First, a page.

Different name but same rules

In spite of not using the same word ‘principle’, eight of the ten American accounting principles exist as part of the rules to be followed in International Financial Reporting Standards, IFRS.

For instance, one of the ten GAAPs is the Principle of Permanence of Methods. Procedures used to prepare financial reports must be consistent under this principle. The term ‘permanence of methods’, however, is too American for IFRS. Reliability and comparability are more acceptable words in this context. Information, including accounting policies must be presented ‘in a manner that provides relevant, reliable, comparable and understandable information’. (Paragraph 17b of IAS 1, Presentation of Financial Statements)

Another one is the Principle of Sincerity. Sincerity requires financial statements to be accurate and impartial. The International Accounting Standards Board do not require their financial statement to be sincere. They use a different expression ‘faithful representation’, which according to them means financial statements which are ‘complete, neutral and free from error’. [1]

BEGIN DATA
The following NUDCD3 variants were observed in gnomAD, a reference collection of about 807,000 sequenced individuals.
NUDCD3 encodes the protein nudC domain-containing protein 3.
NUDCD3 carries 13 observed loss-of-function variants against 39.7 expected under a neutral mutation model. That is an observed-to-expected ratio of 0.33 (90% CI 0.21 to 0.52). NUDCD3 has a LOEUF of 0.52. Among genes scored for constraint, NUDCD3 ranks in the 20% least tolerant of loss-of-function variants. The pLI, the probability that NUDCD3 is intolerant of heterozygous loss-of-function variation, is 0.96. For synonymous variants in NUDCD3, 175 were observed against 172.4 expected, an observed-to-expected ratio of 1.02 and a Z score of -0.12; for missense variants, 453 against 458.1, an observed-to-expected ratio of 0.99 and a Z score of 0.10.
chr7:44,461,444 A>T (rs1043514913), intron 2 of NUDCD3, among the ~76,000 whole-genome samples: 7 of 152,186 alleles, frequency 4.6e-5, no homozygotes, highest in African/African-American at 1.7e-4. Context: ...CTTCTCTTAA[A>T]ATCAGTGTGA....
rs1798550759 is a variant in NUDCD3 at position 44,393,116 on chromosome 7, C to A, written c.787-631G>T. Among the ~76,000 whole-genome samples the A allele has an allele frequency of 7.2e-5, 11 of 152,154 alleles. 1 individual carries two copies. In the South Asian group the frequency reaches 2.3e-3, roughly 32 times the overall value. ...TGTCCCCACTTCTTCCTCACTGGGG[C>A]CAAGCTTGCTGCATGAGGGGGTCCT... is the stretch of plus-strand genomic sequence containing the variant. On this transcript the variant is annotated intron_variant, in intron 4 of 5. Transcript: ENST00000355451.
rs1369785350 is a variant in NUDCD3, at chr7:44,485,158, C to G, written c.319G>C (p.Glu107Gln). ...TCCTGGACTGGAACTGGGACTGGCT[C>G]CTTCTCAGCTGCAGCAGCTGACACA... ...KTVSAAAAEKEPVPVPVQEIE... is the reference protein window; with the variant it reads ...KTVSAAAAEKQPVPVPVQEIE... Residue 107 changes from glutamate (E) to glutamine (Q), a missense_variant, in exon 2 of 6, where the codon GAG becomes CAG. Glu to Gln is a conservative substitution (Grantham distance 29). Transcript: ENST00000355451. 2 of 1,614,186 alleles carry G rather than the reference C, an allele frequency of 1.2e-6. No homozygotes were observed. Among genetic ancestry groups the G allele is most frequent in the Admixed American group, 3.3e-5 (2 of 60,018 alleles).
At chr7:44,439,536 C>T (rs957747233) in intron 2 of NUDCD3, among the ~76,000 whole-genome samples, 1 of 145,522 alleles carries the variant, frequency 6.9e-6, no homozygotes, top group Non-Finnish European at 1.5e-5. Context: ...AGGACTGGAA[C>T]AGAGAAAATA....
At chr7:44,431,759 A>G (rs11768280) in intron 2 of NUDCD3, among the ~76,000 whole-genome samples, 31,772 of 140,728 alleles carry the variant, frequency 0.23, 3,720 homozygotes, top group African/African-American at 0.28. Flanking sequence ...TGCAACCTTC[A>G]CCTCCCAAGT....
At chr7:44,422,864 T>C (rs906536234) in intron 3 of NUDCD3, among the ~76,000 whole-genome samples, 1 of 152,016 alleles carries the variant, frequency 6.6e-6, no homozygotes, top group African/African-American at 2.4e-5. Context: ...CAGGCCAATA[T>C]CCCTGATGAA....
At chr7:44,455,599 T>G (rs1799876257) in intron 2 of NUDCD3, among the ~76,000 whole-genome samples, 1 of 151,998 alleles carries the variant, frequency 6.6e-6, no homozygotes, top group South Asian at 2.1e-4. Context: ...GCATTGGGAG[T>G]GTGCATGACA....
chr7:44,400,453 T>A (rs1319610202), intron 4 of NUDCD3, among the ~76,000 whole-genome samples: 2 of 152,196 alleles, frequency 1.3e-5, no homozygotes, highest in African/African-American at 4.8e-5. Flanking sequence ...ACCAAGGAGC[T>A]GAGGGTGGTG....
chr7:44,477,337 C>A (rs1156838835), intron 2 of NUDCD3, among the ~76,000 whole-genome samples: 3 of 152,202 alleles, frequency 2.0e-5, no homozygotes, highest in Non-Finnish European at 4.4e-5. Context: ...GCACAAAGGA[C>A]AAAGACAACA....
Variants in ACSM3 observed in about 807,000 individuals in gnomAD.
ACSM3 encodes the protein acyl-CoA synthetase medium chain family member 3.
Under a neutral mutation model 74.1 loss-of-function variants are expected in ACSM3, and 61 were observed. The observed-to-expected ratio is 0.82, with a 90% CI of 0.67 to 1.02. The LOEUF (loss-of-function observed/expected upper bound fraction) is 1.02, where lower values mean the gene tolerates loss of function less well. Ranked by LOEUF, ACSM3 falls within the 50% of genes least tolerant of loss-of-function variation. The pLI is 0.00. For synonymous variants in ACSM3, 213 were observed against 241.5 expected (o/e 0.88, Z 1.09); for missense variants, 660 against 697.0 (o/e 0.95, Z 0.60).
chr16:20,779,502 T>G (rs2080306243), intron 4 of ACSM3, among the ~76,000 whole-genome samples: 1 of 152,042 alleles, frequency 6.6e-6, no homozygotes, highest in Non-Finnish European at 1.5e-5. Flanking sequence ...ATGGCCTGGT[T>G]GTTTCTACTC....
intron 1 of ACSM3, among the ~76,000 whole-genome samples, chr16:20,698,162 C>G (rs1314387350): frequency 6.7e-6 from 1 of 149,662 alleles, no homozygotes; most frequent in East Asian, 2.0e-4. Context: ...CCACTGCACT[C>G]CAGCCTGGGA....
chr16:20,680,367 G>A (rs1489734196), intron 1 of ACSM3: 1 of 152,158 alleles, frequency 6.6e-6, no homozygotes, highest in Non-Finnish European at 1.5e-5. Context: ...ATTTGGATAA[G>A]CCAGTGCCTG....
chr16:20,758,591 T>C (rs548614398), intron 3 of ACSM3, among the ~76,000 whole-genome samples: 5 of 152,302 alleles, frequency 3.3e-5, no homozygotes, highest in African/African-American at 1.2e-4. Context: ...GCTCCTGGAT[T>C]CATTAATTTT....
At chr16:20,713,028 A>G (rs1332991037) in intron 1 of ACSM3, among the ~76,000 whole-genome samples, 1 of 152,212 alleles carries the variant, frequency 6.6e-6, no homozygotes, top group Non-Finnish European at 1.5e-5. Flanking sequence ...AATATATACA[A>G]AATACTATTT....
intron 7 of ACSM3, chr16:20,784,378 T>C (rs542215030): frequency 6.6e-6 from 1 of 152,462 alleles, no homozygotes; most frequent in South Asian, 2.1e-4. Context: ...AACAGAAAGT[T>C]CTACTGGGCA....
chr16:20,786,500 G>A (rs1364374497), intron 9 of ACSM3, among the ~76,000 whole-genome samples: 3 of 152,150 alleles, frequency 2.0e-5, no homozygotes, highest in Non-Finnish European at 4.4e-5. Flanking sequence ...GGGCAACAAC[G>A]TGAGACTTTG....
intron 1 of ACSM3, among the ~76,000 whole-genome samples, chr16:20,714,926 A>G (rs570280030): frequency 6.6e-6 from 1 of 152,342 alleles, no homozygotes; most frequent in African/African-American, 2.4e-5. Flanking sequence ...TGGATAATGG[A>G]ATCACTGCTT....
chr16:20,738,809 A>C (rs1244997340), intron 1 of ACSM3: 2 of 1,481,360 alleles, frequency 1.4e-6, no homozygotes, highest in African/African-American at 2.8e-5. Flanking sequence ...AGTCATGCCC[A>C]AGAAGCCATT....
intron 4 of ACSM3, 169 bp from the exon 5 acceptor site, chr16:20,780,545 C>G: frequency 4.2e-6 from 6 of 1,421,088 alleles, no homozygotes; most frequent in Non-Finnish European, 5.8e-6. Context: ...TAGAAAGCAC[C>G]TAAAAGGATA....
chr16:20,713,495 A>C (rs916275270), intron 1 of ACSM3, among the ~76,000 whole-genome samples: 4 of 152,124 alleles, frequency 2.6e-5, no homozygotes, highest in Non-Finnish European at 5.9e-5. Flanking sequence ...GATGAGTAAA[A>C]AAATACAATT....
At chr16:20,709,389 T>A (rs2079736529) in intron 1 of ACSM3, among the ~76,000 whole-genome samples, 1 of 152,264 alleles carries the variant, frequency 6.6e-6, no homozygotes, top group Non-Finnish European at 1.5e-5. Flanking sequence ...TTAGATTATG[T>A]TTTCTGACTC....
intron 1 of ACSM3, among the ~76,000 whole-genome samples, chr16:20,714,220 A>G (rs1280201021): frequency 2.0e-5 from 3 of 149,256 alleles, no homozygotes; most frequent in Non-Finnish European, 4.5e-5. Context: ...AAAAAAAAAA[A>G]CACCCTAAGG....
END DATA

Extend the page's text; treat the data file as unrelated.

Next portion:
GAAPs not in IFRS

The two American GAAPs not used by IFRS, are the Principle of Regularity and the Principle of Utmost Good Faith.

The principle of regularity simply states that companies must adhere to GAAP.  The International Accounting Standards Board do not call this a principle but simply require that companies state their financial statements adhere to the International Financial Reporting Standards. Similar but not quite the same!

The Principle of Utmost Good Faith is an attempt perhaps to force US accountants to be honest. Some GAAPs in accounting literature include the principle of good faith without the qualification ‘utmost’. Is utmost necessary? Good faith on its own seems adequate. I cannot imagine two sets of financial statements for the same company with different results, one prepared with good faith and the other with utmost good faith. They must surely be the same with or without’ utmost’!

IFRS do not consider this principle necessary at all. You will note however that IFRS do use the word ‘faith’ in their rule above: that of ‘faithful representation’. 

I find it interesting that ‘faith’ in some form or another is important in both sets of standards, even if not always with ‘utmost’ or ‘good’.

[1] Conceptual Framework for Financial Reporting issued by the International Accounting Standards Board, paragraph 2.13.